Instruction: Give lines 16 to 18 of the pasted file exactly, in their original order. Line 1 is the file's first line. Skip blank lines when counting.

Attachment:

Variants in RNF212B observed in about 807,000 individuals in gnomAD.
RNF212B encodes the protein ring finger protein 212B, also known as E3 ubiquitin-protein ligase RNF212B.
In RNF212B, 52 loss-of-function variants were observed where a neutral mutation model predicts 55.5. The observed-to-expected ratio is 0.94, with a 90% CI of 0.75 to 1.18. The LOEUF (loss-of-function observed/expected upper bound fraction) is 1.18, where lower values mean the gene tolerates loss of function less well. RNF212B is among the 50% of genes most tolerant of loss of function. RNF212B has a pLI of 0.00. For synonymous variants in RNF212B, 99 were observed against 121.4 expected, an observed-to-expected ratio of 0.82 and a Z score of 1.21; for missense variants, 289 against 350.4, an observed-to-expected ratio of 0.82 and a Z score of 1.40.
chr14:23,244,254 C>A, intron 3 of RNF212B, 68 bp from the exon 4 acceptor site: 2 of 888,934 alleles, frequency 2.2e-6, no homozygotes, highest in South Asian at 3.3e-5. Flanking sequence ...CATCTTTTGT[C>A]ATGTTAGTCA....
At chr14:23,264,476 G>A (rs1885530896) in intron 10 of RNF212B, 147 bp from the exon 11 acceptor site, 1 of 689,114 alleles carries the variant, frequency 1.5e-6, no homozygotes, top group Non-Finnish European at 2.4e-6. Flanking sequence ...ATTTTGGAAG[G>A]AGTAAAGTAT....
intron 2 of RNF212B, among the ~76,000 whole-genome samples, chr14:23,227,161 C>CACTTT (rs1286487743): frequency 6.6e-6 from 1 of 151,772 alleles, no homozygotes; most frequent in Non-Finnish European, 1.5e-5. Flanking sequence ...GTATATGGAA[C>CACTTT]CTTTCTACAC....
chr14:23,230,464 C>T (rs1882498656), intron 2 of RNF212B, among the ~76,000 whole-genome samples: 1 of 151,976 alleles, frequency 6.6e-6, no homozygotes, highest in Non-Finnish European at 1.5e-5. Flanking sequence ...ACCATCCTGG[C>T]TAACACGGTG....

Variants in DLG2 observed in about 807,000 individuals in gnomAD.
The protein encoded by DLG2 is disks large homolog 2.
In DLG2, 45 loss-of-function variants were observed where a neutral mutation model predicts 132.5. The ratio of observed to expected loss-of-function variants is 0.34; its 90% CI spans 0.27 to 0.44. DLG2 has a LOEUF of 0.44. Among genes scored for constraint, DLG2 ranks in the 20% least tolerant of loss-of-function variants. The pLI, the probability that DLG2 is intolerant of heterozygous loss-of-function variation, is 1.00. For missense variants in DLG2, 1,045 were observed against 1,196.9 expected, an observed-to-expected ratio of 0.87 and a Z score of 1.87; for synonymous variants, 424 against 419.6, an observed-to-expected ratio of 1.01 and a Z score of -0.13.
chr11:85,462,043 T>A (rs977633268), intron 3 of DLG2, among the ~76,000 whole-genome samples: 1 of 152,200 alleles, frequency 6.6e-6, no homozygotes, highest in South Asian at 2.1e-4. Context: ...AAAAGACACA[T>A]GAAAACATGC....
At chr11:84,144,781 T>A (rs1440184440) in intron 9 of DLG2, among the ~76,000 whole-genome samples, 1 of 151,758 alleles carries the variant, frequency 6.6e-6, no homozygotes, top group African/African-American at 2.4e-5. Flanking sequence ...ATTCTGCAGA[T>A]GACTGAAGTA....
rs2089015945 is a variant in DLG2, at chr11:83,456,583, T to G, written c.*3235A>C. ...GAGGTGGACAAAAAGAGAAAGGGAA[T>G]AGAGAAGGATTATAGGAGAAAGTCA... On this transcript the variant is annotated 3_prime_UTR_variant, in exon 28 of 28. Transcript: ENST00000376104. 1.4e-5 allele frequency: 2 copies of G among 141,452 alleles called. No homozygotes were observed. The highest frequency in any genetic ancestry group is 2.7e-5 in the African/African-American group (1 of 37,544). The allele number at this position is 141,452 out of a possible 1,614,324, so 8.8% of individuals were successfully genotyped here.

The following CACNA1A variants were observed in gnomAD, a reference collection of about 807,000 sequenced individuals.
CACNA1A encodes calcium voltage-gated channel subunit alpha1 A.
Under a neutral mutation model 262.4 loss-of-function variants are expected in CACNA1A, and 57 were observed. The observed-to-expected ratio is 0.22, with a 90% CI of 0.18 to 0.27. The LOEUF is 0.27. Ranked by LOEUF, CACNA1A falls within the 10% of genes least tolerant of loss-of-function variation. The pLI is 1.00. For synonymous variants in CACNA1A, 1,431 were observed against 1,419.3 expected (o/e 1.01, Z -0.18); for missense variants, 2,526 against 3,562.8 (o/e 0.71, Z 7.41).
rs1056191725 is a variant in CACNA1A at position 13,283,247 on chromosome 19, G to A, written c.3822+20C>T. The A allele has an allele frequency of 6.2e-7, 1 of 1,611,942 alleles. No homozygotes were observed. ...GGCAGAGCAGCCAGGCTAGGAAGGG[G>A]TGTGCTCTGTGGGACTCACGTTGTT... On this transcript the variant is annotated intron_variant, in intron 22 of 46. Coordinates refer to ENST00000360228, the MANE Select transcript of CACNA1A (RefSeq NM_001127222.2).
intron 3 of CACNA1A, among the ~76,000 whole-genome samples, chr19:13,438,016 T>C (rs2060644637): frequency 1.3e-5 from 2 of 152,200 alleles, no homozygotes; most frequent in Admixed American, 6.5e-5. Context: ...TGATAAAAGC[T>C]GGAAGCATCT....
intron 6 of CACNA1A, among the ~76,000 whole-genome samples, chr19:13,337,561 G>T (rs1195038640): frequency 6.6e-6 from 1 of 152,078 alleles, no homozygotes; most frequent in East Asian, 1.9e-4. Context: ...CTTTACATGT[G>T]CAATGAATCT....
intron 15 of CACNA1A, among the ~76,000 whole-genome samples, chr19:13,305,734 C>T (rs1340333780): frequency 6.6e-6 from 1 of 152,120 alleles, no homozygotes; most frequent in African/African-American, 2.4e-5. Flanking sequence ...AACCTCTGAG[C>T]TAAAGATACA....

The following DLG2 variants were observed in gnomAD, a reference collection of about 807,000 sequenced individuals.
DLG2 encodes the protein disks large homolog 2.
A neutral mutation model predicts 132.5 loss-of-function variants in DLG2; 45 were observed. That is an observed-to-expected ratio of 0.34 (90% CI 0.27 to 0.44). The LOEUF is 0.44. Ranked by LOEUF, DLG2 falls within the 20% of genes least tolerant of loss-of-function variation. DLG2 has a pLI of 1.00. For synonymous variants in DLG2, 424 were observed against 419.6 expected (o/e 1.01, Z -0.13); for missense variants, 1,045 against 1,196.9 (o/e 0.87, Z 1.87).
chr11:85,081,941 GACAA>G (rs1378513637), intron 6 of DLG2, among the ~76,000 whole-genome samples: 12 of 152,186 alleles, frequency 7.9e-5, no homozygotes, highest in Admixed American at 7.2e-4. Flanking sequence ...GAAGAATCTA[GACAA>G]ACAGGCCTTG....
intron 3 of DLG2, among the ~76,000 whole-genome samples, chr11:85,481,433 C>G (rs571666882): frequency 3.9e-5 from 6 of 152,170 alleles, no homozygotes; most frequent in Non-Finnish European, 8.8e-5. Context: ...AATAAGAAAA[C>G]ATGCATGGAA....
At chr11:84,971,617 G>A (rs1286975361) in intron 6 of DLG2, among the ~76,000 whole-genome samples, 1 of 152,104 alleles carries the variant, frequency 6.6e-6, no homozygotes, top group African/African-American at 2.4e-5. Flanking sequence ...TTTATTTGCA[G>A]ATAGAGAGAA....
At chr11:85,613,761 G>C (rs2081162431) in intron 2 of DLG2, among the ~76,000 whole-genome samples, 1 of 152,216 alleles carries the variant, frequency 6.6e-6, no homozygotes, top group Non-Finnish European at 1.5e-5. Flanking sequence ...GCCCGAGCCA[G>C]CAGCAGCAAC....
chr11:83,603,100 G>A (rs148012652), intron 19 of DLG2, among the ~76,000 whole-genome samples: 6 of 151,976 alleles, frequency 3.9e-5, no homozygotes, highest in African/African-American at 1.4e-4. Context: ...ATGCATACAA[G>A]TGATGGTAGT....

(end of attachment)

Under a neutral mutation model 262.4 loss-of-function variants are expected in CACNA1A, and 57 were observed. The observed-to-expected ratio is 0.22, with a 90% CI of 0.18 to 0.27. The LOEUF is 0.27. Ranked by LOEUF, CACNA1A falls within the 10% of genes least tolerant of loss-of-function variation. The pLI is 1.00. For synonymous variants in CACNA1A, 1,431 were observed against 1,419.3 expected (o/e 1.01, Z -0.18); for missense variants, 2,526 against 3,562.8 (o/e 0.71, Z 7.41).
rs1056191725 is a variant in CACNA1A at position 13,283,247 on chromosome 19, G to A, written c.3822+20C>T. The A allele has an allele frequency of 6.2e-7, 1 of 1,611,942 alleles. No homozygotes were observed. ...GGCAGAGCAGCCAGGCTAGGAAGGG[G>A]TGTGCTCTGTGGGACTCACGTTGTT... On this transcript the variant is annotated intron_variant, in intron 22 of 46. Coordinates refer to ENST00000360228, the MANE Select transcript of CACNA1A (RefSeq NM_001127222.2).
intron 3 of CACNA1A, among the ~76,000 whole-genome samples, chr19:13,438,016 T>C (rs2060644637): frequency 1.3e-5 from 2 of 152,200 alleles, no homozygotes; most frequent in Admixed American, 6.5e-5. Context: ...TGATAAAAGC[T>C]GGAAGCATCT....